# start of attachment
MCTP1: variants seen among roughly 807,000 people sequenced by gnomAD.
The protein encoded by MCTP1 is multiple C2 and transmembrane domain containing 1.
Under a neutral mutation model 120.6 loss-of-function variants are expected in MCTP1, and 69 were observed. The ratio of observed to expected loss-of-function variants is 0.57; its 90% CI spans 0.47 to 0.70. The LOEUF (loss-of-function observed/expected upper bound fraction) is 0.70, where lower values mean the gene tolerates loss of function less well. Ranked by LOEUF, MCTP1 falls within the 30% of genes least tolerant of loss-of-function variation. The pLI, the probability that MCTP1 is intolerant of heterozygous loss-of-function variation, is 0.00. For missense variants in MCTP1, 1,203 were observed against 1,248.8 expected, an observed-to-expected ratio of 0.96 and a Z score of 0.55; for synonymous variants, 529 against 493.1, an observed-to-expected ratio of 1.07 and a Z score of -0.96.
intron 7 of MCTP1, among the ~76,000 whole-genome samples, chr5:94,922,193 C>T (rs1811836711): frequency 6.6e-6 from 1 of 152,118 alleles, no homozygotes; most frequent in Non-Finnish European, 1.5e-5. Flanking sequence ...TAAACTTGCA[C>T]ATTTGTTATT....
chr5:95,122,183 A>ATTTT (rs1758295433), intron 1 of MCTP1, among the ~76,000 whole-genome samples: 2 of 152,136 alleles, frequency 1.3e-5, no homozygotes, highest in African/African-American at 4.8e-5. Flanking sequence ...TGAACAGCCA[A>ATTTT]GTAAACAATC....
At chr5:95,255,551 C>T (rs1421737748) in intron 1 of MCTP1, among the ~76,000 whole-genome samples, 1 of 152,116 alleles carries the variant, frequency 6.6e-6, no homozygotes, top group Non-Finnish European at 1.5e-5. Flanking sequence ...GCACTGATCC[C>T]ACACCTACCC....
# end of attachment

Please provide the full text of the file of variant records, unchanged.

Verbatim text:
MCTP1: variants seen among roughly 807,000 people sequenced by gnomAD.
The protein encoded by MCTP1 is multiple C2 and transmembrane domain containing 1.
Under a neutral mutation model 120.6 loss-of-function variants are expected in MCTP1, and 69 were observed. The ratio of observed to expected loss-of-function variants is 0.57; its 90% CI spans 0.47 to 0.70. The LOEUF (loss-of-function observed/expected upper bound fraction) is 0.70, where lower values mean the gene tolerates loss of function less well. Ranked by LOEUF, MCTP1 falls within the 30% of genes least tolerant of loss-of-function variation. The pLI, the probability that MCTP1 is intolerant of heterozygous loss-of-function variation, is 0.00. For missense variants in MCTP1, 1,203 were observed against 1,248.8 expected, an observed-to-expected ratio of 0.96 and a Z score of 0.55; for synonymous variants, 529 against 493.1, an observed-to-expected ratio of 1.07 and a Z score of -0.96.
intron 7 of MCTP1, among the ~76,000 whole-genome samples, chr5:94,922,193 C>T (rs1811836711): frequency 6.6e-6 from 1 of 152,118 alleles, no homozygotes; most frequent in Non-Finnish European, 1.5e-5. Flanking sequence ...TAAACTTGCA[C>T]ATTTGTTATT....
chr5:95,122,183 A>ATTTT (rs1758295433), intron 1 of MCTP1, among the ~76,000 whole-genome samples: 2 of 152,136 alleles, frequency 1.3e-5, no homozygotes, highest in African/African-American at 4.8e-5. Flanking sequence ...TGAACAGCCA[A>ATTTT]GTAAACAATC....
At chr5:95,255,551 C>T (rs1421737748) in intron 1 of MCTP1, among the ~76,000 whole-genome samples, 1 of 152,116 alleles carries the variant, frequency 6.6e-6, no homozygotes, top group Non-Finnish European at 1.5e-5. Flanking sequence ...GCACTGATCC[C>T]ACACCTACCC....